Medical malpractice victims suffer devastating injuries that can result in paralysis, loss of mobility, deformity, brain damage, and even death. Unfortunately, the health care industry is ignoring the best interests of these patients. The payment amounts awarded in medical malpractice settlements are being kept from the public. These settlements remain confidential in order to cap medical malpractice payouts, and to keep the malpractice insurance premiums of physicians from rising.
This results in victims not receiving fair compensation, and “high risk” physicians escaping disciplinary actions.
One of the more recent high profile cases involves the wrongful death of Dr. Manish Jain in Las Vegas, Nevada. In 2011, a lawsuit was filed against emergency room doctor Joseph Bajo and intensive care internist Elliot Wade. Jain’s attorney described the case as the “largest medical malpractice case in Nevada in terms of economic loss to the heirs” (Las Vegas Review Journal). Once the case was settled, however, the specifics of the payment was not released to the public.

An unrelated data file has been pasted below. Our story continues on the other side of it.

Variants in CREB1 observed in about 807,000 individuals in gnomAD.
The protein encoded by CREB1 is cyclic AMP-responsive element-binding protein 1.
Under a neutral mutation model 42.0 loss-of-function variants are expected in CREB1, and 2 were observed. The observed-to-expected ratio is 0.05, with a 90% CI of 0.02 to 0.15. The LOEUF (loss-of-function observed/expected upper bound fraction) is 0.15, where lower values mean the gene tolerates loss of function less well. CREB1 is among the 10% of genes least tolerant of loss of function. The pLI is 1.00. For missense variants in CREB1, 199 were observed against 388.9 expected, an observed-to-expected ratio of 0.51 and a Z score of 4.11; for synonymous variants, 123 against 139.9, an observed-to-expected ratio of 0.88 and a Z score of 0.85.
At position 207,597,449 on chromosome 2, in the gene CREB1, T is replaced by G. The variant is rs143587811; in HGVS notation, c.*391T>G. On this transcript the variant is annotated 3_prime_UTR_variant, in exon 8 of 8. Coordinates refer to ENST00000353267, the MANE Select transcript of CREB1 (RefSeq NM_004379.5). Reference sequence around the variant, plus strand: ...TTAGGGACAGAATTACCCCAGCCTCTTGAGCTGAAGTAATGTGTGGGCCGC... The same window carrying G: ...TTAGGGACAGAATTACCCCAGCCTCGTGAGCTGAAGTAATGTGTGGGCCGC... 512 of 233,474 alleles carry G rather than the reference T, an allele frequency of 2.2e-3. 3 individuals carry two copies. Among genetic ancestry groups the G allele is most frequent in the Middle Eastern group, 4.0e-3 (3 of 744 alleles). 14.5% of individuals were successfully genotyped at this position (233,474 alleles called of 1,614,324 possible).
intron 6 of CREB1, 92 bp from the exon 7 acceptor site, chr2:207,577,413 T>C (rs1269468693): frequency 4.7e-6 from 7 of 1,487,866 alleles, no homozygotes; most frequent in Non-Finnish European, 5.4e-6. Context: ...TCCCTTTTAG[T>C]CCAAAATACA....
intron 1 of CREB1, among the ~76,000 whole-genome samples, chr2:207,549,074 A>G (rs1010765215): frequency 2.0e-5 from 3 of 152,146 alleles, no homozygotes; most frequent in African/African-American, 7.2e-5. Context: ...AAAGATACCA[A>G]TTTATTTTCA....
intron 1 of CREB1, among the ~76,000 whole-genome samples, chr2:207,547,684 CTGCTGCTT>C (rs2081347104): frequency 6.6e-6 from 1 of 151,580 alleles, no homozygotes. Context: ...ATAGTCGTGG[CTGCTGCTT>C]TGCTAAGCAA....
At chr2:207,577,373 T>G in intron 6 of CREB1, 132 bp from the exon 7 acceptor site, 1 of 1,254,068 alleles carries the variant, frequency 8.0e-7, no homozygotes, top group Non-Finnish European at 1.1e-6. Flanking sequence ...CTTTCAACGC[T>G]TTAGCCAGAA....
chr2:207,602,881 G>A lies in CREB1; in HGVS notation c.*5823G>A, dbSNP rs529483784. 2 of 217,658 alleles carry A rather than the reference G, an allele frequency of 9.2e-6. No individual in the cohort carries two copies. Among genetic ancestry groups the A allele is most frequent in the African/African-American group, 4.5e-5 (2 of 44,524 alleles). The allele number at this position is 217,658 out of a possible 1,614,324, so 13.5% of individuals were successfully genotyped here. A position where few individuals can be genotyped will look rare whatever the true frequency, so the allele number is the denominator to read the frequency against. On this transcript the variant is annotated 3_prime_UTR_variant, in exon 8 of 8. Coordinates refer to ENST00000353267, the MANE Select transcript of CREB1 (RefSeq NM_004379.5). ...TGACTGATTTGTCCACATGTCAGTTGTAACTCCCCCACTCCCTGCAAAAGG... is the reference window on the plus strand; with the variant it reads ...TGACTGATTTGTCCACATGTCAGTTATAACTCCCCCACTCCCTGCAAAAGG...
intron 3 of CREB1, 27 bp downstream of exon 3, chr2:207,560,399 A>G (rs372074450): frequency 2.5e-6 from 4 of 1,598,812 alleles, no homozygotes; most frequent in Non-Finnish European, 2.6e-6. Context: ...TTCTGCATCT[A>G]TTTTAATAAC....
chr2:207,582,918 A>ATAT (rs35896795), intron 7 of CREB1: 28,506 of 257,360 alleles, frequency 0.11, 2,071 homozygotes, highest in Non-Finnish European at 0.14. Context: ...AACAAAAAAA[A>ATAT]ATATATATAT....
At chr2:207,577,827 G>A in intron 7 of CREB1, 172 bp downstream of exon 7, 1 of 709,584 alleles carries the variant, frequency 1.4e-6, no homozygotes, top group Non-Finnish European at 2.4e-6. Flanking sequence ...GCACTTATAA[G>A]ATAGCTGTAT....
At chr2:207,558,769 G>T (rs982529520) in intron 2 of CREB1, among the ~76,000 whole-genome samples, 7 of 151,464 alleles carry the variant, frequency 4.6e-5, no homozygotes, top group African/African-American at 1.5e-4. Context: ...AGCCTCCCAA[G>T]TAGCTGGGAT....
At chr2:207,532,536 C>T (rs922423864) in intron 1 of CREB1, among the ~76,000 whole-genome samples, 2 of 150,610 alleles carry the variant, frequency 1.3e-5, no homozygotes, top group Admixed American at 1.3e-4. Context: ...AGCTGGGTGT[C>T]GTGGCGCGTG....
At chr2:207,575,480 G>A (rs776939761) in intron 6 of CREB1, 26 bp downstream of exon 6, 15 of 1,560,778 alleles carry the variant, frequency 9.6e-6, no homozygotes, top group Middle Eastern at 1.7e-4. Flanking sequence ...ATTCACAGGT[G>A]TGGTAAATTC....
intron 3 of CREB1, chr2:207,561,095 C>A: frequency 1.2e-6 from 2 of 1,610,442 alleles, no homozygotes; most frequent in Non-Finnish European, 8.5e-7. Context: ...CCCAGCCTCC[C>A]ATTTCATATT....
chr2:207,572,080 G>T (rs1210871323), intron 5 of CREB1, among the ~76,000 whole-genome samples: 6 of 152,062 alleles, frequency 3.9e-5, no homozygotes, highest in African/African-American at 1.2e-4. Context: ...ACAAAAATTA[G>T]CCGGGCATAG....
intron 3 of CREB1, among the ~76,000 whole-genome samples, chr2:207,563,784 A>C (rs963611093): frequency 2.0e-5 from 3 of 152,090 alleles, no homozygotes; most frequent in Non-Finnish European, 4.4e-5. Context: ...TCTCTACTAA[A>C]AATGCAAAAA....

The settlement was vaguely said to be “in the millions.” The only information regarding the payout in official public records shows that Bajo and Wade each paid $500,000 to settle the District Court case. The medical malpractice settlement itself, however, was paid by the hospital — this amount has been withheld from the public.
The settlement also shows no admissions of malpractice by Wade. His insurance company reports that Jain died due to “negligent diagnosis and treatment of sepsis, delayed intubation resulting in death” (Las Vegas Review Journal). Wade previously settled an additional medical malpractice lawsuit in the wrongful death of David Whetstone. According to the Board of Medical Examiners, however, Wade has faced no disciplinary action despite settling two wrongful death cases. Wade’s medical license has been renewed as recently as 2015.
The medical malpractice attorneys of Prochaska, Howell & Prochaska believe that information regarding medical malpractice payments should be available to the public. Transparency in these cases helps future victims find justice, while holding physicians and hospitals more accountable for medical malpractice.